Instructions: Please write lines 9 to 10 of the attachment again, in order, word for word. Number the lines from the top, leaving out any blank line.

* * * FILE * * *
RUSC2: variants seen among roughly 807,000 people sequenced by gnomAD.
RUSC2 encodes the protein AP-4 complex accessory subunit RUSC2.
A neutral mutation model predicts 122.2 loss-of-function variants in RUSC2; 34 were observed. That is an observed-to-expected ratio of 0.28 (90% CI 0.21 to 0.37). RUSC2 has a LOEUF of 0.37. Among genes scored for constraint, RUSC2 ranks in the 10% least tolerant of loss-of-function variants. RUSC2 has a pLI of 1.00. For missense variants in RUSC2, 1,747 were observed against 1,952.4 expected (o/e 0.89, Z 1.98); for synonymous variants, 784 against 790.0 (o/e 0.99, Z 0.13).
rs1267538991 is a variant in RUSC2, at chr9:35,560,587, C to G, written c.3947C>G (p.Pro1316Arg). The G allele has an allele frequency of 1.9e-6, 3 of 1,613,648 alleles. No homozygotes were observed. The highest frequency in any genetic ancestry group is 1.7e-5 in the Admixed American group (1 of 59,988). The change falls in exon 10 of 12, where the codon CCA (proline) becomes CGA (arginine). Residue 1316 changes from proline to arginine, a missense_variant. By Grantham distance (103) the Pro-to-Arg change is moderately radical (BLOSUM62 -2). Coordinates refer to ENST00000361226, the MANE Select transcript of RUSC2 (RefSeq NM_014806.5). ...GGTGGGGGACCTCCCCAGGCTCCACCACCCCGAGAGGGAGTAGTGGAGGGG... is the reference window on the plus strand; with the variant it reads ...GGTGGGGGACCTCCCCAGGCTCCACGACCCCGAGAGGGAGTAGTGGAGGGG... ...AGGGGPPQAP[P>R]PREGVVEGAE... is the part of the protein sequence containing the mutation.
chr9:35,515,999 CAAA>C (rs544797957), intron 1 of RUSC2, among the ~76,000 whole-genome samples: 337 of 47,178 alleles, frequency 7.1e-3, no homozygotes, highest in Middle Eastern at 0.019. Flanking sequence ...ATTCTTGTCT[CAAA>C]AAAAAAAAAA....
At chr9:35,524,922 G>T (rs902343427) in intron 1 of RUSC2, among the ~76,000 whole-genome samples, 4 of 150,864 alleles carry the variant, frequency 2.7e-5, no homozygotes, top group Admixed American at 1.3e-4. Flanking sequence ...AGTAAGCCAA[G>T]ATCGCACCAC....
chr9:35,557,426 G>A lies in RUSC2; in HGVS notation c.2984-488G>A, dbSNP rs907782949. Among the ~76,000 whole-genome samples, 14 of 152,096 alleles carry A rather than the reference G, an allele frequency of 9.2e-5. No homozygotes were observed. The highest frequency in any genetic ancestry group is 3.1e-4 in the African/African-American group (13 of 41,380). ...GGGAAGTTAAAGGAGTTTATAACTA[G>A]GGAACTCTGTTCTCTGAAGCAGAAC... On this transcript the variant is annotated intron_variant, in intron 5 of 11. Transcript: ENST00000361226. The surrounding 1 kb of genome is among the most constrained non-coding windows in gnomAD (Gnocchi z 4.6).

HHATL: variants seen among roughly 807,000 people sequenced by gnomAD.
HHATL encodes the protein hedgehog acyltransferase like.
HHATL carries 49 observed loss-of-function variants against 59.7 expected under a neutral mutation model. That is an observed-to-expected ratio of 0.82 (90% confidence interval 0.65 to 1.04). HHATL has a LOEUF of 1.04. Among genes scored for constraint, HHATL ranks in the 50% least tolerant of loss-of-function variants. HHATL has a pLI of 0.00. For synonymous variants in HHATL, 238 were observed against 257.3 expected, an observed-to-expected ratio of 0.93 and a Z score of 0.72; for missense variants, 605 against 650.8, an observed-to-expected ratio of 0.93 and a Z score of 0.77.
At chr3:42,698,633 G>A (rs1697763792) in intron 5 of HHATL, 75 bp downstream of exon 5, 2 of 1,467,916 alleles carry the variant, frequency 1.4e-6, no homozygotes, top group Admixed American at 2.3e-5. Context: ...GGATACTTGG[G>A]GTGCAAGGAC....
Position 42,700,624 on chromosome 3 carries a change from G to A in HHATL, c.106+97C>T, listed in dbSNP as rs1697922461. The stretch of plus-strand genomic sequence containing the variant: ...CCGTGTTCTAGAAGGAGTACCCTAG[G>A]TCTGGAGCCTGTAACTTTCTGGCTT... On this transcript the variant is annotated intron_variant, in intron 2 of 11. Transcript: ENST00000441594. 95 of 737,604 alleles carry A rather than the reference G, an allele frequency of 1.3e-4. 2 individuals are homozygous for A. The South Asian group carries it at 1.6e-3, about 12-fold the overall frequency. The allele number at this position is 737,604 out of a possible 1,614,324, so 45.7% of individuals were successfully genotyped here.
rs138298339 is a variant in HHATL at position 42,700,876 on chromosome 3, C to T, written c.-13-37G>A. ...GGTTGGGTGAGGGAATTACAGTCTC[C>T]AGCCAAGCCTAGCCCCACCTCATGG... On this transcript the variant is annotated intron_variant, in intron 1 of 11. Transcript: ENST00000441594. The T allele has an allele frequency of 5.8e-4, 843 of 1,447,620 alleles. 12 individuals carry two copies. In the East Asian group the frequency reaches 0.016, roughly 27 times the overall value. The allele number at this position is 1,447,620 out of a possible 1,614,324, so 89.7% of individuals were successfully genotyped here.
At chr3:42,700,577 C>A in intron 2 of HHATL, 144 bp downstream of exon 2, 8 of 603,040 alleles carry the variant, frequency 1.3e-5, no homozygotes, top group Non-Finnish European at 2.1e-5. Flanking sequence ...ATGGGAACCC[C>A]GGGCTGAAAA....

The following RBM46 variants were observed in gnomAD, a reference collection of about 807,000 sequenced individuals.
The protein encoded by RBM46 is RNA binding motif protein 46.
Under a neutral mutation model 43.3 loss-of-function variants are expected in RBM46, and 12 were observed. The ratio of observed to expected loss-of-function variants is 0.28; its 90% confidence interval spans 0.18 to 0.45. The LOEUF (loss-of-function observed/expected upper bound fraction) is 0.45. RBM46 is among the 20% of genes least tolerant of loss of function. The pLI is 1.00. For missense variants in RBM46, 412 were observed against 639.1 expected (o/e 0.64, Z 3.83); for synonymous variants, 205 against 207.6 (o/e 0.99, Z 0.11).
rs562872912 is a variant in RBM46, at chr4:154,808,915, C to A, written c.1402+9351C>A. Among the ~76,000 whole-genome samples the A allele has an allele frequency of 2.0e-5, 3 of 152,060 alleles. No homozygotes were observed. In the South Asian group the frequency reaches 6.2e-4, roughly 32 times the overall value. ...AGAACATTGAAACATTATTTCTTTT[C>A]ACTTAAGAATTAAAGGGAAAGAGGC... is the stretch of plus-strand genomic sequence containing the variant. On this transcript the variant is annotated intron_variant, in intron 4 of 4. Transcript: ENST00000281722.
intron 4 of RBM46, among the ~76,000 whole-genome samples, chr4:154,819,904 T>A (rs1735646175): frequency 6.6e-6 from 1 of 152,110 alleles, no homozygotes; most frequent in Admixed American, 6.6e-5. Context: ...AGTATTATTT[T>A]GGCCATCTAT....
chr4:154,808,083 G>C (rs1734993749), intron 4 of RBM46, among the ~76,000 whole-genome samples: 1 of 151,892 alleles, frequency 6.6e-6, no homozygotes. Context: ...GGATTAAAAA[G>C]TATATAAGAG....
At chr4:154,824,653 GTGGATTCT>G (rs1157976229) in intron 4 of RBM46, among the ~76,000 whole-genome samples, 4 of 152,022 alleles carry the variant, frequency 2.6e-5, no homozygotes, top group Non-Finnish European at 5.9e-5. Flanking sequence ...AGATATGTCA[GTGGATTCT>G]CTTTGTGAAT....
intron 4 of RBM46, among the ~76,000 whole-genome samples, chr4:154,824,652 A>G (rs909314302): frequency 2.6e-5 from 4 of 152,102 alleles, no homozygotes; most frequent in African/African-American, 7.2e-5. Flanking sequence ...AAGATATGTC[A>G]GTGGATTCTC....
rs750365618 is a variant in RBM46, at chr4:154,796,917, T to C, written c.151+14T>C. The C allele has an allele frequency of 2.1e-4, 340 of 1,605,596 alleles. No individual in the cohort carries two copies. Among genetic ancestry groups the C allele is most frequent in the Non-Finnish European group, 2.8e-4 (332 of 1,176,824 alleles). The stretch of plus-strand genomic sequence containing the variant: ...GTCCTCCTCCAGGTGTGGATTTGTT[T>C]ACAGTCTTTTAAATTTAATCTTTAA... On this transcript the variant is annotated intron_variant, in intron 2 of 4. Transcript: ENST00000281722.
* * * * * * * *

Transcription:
HHATL encodes the protein hedgehog acyltransferase like.
HHATL carries 49 observed loss-of-function variants against 59.7 expected under a neutral mutation model. That is an observed-to-expected ratio of 0.82 (90% confidence interval 0.65 to 1.04). HHATL has a LOEUF of 1.04. Among genes scored for constraint, HHATL ranks in the 50% least tolerant of loss-of-function variants. HHATL has a pLI of 0.00. For synonymous variants in HHATL, 238 were observed against 257.3 expected, an observed-to-expected ratio of 0.93 and a Z score of 0.72; for missense variants, 605 against 650.8, an observed-to-expected ratio of 0.93 and a Z score of 0.77.